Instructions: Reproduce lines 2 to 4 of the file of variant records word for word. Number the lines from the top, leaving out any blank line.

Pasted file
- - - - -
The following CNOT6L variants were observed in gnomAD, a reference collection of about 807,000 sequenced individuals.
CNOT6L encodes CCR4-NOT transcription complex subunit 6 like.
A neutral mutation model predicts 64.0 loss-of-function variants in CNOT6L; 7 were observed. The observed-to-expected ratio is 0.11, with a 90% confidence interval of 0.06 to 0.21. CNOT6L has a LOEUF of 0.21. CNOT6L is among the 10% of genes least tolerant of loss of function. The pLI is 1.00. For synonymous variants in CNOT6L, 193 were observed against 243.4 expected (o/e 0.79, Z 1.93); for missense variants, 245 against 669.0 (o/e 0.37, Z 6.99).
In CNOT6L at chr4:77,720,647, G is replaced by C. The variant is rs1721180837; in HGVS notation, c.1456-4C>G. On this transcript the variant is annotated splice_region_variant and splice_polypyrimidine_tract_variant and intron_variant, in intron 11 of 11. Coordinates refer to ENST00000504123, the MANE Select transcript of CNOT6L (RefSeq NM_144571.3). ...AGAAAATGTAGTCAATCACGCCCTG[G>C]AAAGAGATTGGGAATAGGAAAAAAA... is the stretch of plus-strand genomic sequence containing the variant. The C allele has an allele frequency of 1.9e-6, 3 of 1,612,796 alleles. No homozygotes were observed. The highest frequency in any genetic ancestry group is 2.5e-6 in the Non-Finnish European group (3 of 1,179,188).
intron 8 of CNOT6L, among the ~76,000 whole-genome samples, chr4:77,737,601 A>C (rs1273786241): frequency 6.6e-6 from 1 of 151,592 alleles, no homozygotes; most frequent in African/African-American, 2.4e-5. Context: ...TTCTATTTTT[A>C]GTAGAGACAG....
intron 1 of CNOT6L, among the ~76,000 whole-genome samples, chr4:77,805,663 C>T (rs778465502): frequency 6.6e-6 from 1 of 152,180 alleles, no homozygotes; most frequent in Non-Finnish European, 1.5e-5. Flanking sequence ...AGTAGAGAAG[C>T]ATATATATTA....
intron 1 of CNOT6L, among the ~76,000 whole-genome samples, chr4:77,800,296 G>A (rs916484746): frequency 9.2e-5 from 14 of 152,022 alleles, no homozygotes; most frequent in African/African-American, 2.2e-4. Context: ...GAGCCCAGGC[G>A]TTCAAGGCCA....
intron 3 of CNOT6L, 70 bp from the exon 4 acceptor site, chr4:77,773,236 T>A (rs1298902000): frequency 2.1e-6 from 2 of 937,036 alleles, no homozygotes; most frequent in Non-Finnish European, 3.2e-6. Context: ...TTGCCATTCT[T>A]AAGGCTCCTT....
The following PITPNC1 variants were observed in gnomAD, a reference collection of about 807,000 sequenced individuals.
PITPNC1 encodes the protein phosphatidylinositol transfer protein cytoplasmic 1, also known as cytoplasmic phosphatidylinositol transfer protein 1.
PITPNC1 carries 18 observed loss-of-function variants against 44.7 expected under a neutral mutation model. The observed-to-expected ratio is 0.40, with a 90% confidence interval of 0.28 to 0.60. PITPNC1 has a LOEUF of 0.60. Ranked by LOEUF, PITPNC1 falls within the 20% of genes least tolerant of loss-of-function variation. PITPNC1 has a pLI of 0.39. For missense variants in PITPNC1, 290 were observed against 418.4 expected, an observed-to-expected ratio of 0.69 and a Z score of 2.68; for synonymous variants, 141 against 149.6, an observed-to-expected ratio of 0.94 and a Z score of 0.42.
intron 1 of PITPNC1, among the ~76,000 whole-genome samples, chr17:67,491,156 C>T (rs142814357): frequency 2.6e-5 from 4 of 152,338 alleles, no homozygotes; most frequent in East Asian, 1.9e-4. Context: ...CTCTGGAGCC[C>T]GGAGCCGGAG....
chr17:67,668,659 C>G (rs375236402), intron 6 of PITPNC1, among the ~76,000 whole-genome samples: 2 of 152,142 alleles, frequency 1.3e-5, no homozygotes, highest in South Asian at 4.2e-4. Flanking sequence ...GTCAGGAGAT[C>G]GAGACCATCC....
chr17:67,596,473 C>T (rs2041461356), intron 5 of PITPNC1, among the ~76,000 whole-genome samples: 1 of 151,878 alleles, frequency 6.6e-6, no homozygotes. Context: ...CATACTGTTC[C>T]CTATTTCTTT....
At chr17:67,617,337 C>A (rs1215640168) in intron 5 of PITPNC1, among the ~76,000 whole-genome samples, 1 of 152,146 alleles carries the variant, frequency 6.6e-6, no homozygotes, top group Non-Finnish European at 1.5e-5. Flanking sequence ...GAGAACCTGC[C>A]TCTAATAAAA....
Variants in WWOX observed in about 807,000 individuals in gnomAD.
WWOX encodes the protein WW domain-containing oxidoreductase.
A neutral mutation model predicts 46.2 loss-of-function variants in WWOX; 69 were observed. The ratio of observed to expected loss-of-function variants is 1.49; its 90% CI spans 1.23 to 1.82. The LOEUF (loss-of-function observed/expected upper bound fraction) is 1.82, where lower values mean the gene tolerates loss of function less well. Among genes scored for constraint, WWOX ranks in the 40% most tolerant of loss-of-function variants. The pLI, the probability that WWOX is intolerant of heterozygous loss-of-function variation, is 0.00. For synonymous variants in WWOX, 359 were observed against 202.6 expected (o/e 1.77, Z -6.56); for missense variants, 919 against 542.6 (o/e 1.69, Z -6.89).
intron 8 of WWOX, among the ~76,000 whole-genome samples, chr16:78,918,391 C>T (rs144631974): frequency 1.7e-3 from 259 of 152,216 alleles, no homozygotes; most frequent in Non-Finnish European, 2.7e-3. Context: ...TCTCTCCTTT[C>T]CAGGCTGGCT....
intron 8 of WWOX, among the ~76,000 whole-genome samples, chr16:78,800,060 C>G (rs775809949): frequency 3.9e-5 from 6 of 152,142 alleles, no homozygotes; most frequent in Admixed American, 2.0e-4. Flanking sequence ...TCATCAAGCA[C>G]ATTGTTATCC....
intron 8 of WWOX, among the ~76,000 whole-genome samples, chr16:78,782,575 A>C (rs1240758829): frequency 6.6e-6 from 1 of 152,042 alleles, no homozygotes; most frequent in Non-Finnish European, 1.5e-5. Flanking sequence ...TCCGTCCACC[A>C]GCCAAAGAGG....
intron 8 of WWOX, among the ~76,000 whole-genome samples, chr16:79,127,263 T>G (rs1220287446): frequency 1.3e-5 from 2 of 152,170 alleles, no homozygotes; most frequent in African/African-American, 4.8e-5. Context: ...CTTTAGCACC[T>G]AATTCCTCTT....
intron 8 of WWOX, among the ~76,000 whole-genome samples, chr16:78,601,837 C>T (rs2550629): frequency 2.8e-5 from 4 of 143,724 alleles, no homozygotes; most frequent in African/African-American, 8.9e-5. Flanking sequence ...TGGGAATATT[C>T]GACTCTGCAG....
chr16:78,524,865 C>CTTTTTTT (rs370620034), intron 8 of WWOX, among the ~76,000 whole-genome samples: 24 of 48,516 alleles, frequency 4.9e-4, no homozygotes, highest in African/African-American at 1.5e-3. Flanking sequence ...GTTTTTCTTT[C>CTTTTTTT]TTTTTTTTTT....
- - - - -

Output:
CNOT6L encodes CCR4-NOT transcription complex subunit 6 like.
A neutral mutation model predicts 64.0 loss-of-function variants in CNOT6L; 7 were observed. The observed-to-expected ratio is 0.11, with a 90% confidence interval of 0.06 to 0.21. CNOT6L has a LOEUF of 0.21. CNOT6L is among the 10% of genes least tolerant of loss of function. The pLI is 1.00. For synonymous variants in CNOT6L, 193 were observed against 243.4 expected (o/e 0.79, Z 1.93); for missense variants, 245 against 669.0 (o/e 0.37, Z 6.99).
In CNOT6L at chr4:77,720,647, G is replaced by C. The variant is rs1721180837; in HGVS notation, c.1456-4C>G. On this transcript the variant is annotated splice_region_variant and splice_polypyrimidine_tract_variant and intron_variant, in intron 11 of 11. Coordinates refer to ENST00000504123, the MANE Select transcript of CNOT6L (RefSeq NM_144571.3). ...AGAAAATGTAGTCAATCACGCCCTG[G>C]AAAGAGATTGGGAATAGGAAAAAAA... is the stretch of plus-strand genomic sequence containing the variant. The C allele has an allele frequency of 1.9e-6, 3 of 1,612,796 alleles. No homozygotes were observed. The highest frequency in any genetic ancestry group is 2.5e-6 in the Non-Finnish European group (3 of 1,179,188).